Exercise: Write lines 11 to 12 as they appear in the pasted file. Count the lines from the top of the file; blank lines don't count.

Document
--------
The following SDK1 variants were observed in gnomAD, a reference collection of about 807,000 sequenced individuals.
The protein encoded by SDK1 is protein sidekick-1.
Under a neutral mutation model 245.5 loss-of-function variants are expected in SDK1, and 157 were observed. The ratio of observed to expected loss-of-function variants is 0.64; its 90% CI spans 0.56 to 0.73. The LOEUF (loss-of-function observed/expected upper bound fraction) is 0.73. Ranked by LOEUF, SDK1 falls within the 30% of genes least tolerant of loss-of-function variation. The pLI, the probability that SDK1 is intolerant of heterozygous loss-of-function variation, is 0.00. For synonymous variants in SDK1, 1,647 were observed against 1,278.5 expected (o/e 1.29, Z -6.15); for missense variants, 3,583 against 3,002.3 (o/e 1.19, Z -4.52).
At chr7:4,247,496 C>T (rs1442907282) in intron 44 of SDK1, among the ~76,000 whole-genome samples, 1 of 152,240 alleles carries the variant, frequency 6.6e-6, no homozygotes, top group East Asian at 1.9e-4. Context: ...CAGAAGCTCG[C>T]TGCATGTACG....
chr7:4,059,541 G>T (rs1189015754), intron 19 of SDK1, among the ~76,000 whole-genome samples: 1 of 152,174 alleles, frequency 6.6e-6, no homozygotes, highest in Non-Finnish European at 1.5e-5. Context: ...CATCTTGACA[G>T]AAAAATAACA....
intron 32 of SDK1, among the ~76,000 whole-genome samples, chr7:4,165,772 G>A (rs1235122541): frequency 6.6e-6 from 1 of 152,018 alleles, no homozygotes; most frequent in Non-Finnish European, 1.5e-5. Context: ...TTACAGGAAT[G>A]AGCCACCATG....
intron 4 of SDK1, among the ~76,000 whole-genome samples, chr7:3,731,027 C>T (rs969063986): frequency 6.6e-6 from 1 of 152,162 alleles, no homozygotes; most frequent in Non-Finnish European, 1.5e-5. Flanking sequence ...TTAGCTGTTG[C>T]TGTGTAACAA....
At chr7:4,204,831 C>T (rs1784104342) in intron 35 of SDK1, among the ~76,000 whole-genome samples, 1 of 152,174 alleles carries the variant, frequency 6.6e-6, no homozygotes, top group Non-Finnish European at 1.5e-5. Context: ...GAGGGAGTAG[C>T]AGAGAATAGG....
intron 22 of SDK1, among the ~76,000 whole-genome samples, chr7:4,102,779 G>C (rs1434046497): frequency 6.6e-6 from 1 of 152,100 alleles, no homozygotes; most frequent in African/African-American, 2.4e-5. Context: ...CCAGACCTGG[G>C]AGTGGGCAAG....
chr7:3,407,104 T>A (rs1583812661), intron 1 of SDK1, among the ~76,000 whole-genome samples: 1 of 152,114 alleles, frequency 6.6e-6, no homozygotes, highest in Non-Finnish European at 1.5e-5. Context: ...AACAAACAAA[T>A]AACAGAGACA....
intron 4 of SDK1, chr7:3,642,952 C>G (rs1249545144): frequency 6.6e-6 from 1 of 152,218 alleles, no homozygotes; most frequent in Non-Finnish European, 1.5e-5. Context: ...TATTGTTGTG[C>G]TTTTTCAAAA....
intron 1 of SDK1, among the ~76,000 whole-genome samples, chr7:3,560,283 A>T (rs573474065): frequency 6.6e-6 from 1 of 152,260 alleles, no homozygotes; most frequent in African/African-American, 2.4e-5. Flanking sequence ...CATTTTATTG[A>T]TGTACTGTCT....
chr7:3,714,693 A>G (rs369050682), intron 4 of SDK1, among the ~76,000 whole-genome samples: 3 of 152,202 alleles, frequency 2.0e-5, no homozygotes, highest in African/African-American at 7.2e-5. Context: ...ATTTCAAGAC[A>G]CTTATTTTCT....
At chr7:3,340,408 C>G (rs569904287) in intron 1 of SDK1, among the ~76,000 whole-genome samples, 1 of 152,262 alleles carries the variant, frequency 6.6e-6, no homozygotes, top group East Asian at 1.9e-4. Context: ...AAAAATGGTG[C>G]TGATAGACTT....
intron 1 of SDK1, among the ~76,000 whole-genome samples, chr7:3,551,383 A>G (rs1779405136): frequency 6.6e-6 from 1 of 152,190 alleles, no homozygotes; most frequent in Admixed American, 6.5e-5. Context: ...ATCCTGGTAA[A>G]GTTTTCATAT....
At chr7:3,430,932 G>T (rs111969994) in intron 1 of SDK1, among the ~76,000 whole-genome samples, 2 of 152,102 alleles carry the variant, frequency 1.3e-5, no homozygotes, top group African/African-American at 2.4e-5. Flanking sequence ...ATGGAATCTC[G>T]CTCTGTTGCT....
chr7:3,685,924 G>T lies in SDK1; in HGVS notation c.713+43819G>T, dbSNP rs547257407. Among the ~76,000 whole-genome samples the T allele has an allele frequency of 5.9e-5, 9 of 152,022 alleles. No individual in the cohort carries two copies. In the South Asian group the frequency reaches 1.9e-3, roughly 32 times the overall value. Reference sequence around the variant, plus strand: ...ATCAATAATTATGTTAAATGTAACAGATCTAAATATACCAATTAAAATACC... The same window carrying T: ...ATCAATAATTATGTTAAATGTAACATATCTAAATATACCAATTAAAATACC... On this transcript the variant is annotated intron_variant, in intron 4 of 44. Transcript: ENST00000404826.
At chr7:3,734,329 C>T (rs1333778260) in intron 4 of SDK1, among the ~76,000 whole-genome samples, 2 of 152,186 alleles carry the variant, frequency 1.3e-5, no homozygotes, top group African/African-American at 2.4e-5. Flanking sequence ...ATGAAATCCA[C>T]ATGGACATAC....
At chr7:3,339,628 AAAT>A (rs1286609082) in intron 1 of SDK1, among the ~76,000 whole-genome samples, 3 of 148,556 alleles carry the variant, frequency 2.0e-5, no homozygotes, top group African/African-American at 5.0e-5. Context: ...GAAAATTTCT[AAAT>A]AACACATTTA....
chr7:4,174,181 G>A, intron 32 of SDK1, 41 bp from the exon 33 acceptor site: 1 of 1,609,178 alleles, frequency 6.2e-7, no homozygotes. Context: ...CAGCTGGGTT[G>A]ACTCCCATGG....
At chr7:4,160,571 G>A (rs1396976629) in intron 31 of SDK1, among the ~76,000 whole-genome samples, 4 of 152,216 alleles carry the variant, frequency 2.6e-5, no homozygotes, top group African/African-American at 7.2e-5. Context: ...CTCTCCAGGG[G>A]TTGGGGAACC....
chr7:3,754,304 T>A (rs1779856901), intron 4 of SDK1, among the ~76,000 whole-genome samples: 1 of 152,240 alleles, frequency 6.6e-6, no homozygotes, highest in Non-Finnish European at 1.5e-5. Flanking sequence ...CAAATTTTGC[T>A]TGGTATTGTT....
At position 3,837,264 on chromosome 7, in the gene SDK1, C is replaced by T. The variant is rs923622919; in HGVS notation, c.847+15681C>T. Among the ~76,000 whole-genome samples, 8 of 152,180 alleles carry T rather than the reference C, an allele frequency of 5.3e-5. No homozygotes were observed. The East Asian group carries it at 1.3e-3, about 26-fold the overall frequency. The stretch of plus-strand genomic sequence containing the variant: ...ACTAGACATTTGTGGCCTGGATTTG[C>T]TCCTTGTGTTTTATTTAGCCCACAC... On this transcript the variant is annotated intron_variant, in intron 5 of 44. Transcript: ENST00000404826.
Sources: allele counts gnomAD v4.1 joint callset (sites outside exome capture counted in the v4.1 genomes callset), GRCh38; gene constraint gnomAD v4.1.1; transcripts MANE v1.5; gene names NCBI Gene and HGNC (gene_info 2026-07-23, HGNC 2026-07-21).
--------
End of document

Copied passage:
intron 4 of SDK1, chr7:3,642,952 C>G (rs1249545144): frequency 6.6e-6 from 1 of 152,218 alleles, no homozygotes; most frequent in Non-Finnish European, 1.5e-5. Context: ...TATTGTTGTG[C>G]TTTTTCAAAA....
intron 1 of SDK1, among the ~76,000 whole-genome samples, chr7:3,560,283 A>T (rs573474065): frequency 6.6e-6 from 1 of 152,260 alleles, no homozygotes; most frequent in African/African-American, 2.4e-5. Flanking sequence ...CATTTTATTG[A>T]TGTACTGTCT....